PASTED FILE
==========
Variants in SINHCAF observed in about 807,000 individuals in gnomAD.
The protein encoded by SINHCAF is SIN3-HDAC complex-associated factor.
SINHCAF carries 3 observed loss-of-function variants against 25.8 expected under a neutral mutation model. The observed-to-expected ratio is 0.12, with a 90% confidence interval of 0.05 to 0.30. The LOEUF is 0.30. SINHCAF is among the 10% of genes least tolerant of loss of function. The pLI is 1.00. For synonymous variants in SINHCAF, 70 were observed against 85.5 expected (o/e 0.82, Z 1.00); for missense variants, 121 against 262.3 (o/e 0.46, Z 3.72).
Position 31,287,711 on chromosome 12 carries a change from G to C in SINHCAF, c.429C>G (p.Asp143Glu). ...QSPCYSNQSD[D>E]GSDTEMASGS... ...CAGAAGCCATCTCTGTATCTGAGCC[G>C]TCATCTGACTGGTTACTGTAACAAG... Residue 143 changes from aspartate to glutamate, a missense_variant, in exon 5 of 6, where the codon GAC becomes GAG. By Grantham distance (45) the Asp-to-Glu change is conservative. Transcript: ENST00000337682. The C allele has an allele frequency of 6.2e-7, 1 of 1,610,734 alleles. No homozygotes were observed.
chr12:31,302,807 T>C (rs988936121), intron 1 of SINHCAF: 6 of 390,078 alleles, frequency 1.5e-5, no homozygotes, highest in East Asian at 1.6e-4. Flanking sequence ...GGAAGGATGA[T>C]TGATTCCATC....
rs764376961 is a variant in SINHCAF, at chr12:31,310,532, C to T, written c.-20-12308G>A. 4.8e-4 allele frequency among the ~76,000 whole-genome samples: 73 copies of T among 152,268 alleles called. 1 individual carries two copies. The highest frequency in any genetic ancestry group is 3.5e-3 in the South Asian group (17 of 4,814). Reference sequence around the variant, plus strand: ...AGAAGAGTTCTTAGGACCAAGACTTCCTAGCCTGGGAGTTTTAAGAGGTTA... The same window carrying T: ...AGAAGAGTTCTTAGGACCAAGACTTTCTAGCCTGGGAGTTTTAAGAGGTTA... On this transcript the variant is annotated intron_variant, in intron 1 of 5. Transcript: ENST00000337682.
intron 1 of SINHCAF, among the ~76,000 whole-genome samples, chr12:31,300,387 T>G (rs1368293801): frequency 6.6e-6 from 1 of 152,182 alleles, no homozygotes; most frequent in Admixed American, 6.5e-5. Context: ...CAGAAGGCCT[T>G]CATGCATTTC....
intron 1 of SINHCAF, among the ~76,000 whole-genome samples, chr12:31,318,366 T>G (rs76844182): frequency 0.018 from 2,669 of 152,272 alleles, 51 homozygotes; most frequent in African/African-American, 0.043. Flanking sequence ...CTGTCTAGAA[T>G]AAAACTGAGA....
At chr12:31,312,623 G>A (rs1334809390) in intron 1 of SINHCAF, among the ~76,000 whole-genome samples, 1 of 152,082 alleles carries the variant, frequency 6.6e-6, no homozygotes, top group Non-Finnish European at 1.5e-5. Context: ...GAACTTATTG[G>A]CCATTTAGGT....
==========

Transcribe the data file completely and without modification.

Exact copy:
Variants in SINHCAF observed in about 807,000 individuals in gnomAD.
The protein encoded by SINHCAF is SIN3-HDAC complex-associated factor.
SINHCAF carries 3 observed loss-of-function variants against 25.8 expected under a neutral mutation model. The observed-to-expected ratio is 0.12, with a 90% confidence interval of 0.05 to 0.30. The LOEUF is 0.30. SINHCAF is among the 10% of genes least tolerant of loss of function. The pLI is 1.00. For synonymous variants in SINHCAF, 70 were observed against 85.5 expected (o/e 0.82, Z 1.00); for missense variants, 121 against 262.3 (o/e 0.46, Z 3.72).
Position 31,287,711 on chromosome 12 carries a change from G to C in SINHCAF, c.429C>G (p.Asp143Glu). ...QSPCYSNQSD[D>E]GSDTEMASGS... ...CAGAAGCCATCTCTGTATCTGAGCC[G>C]TCATCTGACTGGTTACTGTAACAAG... Residue 143 changes from aspartate to glutamate, a missense_variant, in exon 5 of 6, where the codon GAC becomes GAG. By Grantham distance (45) the Asp-to-Glu change is conservative. Transcript: ENST00000337682. The C allele has an allele frequency of 6.2e-7, 1 of 1,610,734 alleles. No homozygotes were observed.
chr12:31,302,807 T>C (rs988936121), intron 1 of SINHCAF: 6 of 390,078 alleles, frequency 1.5e-5, no homozygotes, highest in East Asian at 1.6e-4. Flanking sequence ...GGAAGGATGA[T>C]TGATTCCATC....
rs764376961 is a variant in SINHCAF, at chr12:31,310,532, C to T, written c.-20-12308G>A. 4.8e-4 allele frequency among the ~76,000 whole-genome samples: 73 copies of T among 152,268 alleles called. 1 individual carries two copies. The highest frequency in any genetic ancestry group is 3.5e-3 in the South Asian group (17 of 4,814). Reference sequence around the variant, plus strand: ...AGAAGAGTTCTTAGGACCAAGACTTCCTAGCCTGGGAGTTTTAAGAGGTTA... The same window carrying T: ...AGAAGAGTTCTTAGGACCAAGACTTTCTAGCCTGGGAGTTTTAAGAGGTTA... On this transcript the variant is annotated intron_variant, in intron 1 of 5. Transcript: ENST00000337682.
intron 1 of SINHCAF, among the ~76,000 whole-genome samples, chr12:31,300,387 T>G (rs1368293801): frequency 6.6e-6 from 1 of 152,182 alleles, no homozygotes; most frequent in Admixed American, 6.5e-5. Context: ...CAGAAGGCCT[T>G]CATGCATTTC....
intron 1 of SINHCAF, among the ~76,000 whole-genome samples, chr12:31,318,366 T>G (rs76844182): frequency 0.018 from 2,669 of 152,272 alleles, 51 homozygotes; most frequent in African/African-American, 0.043. Flanking sequence ...CTGTCTAGAA[T>G]AAAACTGAGA....
At chr12:31,312,623 G>A (rs1334809390) in intron 1 of SINHCAF, among the ~76,000 whole-genome samples, 1 of 152,082 alleles carries the variant, frequency 6.6e-6, no homozygotes, top group Non-Finnish European at 1.5e-5. Context: ...GAACTTATTG[G>A]CCATTTAGGT....